The great herds of lazy monsters stand around the tundra that's right next to the forest waiting for me to wander into their zone.During my first adventure into the wilds surrounding the starting town I was immediately impressed with the sheer number of monsters standing around. Everywhere I looked there were monsters, either alone or in groups, patiently waiting for me to walk over and clumsily fight them. The monsters I encountered consisted of one of the following:
A slightly larger minotaur
A different colored minotaur
A saber toothed tiger
A really small minotaur with a cleverly applied reptile texture
A huge spider
Several sizes of featureless "golems" in an exciting variety of colors
The only way to gauge which monsters are tough and which aren't is by trial and error and noticing adjectives like "armored" or "jade". Apparently "jade" translates to "bad ass" in the language of the Blade Mistresses. To add even more variety to this already unbelievably huge heap of variety when it comes to monster encounters, all of the monsters drop the same things. They drop an eponymous meat type (i.e. wood golems drop "wood golem meat"), a stick, and if you're lucky, a carving. There are a few other items they drop but all of these monsters have the chance of dropping these items, with no rhyme or reason. For example a saber toothed tiger I killed was apparently playing fetch with a grungy stick, a fish, and a shining carving. Either that or the saber toothed tigers in this enchanted land of fantasy and adventure have those little Saint Bernard barrels around their necks only instead of schnapps they're full of sticks and fish.
Not all of Blade Mistress consists of wandering around the wilderness. There are a number of dungeons for you to delve into that are represented as big rocks with glowing holes in them. Once inside you will find that apparently all dungeons were created by a race of towering titans roughly thirty times larger than you or any other monsters in the game. Since all movement in the game is done by shifting from square to square - this is animated at least - and the designers opted to use fucking gigantic squares, all of the dungeon's corridors are locked to the width of the movement squares. The attention to detail in Blade Mistress really shows with the maze-like dungeons and their depthless polygonal walls. I particularly enjoyed how all of the wall textures seemed to have been applied completely randomly, with long stretches of hallway plastered with a repeating series of awkward-looking gate textures.
Imagine this fence texture repeating about thirty times and you've perfectly visualized one of the madcap dungeons in Blade Mistress!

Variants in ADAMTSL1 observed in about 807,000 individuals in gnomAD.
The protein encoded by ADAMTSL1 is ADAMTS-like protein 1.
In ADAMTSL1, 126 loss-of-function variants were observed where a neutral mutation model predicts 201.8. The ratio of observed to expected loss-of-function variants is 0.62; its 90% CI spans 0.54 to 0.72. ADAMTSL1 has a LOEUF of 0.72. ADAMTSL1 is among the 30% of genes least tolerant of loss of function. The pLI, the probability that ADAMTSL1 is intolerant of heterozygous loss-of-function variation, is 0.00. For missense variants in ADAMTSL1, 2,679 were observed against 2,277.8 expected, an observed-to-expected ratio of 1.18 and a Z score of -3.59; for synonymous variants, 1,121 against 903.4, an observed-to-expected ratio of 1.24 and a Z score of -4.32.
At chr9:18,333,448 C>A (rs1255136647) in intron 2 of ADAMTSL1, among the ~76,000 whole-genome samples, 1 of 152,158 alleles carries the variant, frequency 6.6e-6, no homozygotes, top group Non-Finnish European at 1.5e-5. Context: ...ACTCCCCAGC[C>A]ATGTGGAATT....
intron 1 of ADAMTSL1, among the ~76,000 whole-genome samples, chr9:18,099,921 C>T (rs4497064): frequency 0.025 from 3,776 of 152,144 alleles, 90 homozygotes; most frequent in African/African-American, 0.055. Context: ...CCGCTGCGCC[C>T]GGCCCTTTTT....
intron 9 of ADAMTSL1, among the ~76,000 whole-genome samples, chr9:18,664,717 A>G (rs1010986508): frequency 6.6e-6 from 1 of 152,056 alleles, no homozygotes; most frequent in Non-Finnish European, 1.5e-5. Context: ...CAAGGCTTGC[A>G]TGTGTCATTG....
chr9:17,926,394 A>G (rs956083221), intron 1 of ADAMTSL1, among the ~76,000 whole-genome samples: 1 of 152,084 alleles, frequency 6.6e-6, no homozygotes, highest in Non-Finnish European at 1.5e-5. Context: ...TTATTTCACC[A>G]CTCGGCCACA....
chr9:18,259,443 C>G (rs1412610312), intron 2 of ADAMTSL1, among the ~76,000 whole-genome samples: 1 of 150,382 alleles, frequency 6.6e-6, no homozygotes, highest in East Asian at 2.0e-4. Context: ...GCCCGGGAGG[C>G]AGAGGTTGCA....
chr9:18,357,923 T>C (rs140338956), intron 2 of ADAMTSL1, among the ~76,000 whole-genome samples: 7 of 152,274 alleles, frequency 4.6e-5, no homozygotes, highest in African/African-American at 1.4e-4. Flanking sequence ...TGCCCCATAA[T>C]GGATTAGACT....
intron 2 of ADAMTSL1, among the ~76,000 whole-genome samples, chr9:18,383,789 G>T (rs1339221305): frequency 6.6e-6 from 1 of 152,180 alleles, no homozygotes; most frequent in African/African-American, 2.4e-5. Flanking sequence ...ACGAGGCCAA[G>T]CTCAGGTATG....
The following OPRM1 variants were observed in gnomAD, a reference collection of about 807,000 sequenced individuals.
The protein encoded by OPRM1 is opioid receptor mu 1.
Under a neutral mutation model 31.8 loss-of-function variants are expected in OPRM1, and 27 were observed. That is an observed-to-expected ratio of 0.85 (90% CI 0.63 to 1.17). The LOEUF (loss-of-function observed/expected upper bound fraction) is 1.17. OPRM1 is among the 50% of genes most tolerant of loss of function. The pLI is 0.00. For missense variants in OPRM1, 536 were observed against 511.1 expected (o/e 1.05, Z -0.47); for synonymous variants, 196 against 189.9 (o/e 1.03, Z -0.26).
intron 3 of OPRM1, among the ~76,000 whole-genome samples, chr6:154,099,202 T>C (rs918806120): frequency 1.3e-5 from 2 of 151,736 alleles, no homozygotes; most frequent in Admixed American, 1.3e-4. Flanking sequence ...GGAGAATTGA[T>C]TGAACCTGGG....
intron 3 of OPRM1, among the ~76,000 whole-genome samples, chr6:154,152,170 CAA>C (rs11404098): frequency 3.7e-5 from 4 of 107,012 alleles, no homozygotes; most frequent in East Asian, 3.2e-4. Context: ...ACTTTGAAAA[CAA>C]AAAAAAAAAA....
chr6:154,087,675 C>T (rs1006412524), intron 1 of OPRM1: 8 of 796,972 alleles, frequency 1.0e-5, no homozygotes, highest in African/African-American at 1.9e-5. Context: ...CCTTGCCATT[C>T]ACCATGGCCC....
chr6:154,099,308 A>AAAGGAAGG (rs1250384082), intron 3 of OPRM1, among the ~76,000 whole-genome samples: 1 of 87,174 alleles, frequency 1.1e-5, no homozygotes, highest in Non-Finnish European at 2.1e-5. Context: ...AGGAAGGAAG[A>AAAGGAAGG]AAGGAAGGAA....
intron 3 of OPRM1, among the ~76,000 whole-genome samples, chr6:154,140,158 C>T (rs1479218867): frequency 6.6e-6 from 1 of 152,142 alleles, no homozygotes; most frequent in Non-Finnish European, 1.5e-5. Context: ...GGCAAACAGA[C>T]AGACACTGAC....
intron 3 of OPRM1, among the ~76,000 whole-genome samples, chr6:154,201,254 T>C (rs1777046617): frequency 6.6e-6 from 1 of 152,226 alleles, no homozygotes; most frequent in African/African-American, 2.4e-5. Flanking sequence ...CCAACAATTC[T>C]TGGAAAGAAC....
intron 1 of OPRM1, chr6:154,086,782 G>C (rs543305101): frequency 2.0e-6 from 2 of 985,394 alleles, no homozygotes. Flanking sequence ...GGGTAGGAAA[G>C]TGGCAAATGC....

After wandering around long enough I finally encountered a jade golem and my extremely horse-faced character was killed. Dying in Blade Mistress is actually a convenience more than anything, as it teleports you back to the starting town with a full inventory. You reappear there with only a few points of health, but your character heals so quickly by the time you encounter your first retextured minotaur you'll probably be well on your way to full health. Once I realized that there was no penalty whatsoever for dying I began to die as a form of transportation back to the town, saving myself the time of actually walking back.
It's good that they included this fatal shortcut back to town as the controls in Blade Mistress are nothing short of abysmal. The game features a free-rotating camera, but you can only move in four cardinal directions, meaning that actually moving in the direction you want doesn't always make sense. If a monster has you outgunned, don't worry! Thanks to the innovative AI in Blade Mistress the monsters are completely confined to their square prison and you can flee without fear that they will give chase. That's assuming you can actually find a square that doesn't contain a monster and somehow get your character to go in that direction.
The inventory interface is also horrid. Without a paper doll that you can drag items onto you have to unequip a weapon by clicking and holding it until a menu appears, then do the same to equip a new weapon. What's better is you can equip anything, from swords, to sticks, to golem meat. This presents less of a problem then you would think since the only thing that actually appears on your model when you equip items is your sword. The trading interface is cumbersome and even picking things up from a corpse (dead monsters turn into large pots on the ground) becomes a tedious task.
One thing you certainly won't have to worry about in Blade Mistress is finding that ultimate suit of armor. The makers have boldly broken with RPG tradition by not including a single piece of armor in the entire game. For my fighter this was easily offset by her "Dodge" skill, which was the only skill she could use, all but one of the rest being reserved for magic users and the final skill being reserved for smiths. Once again flaunting their will to break from the norm the brain trust at Aggressive Game Designs has opted to do away with the usual linear level and skill progression of most roleplaying games. In its place you will find that skills advance as they are used, gaining points rapidly on an arbitrary scale that ranges from at least 0-999. Raising your skills seems to be a fairly worthless endeavor. In my hour of playing I managed to get my dodge skill up to 144, which had no apparent effect on my ability to avoid the brutal assaults of minotaurs and larger minotaurs.
Sir Mix-a-Lot's classic follow up to "Baby Got Back" has serious unintended consequences.
"Really, Holmes!" I dropped into my seat, shocked. "You are remarkably tall! What are you, six foot six? Six foot eight?"
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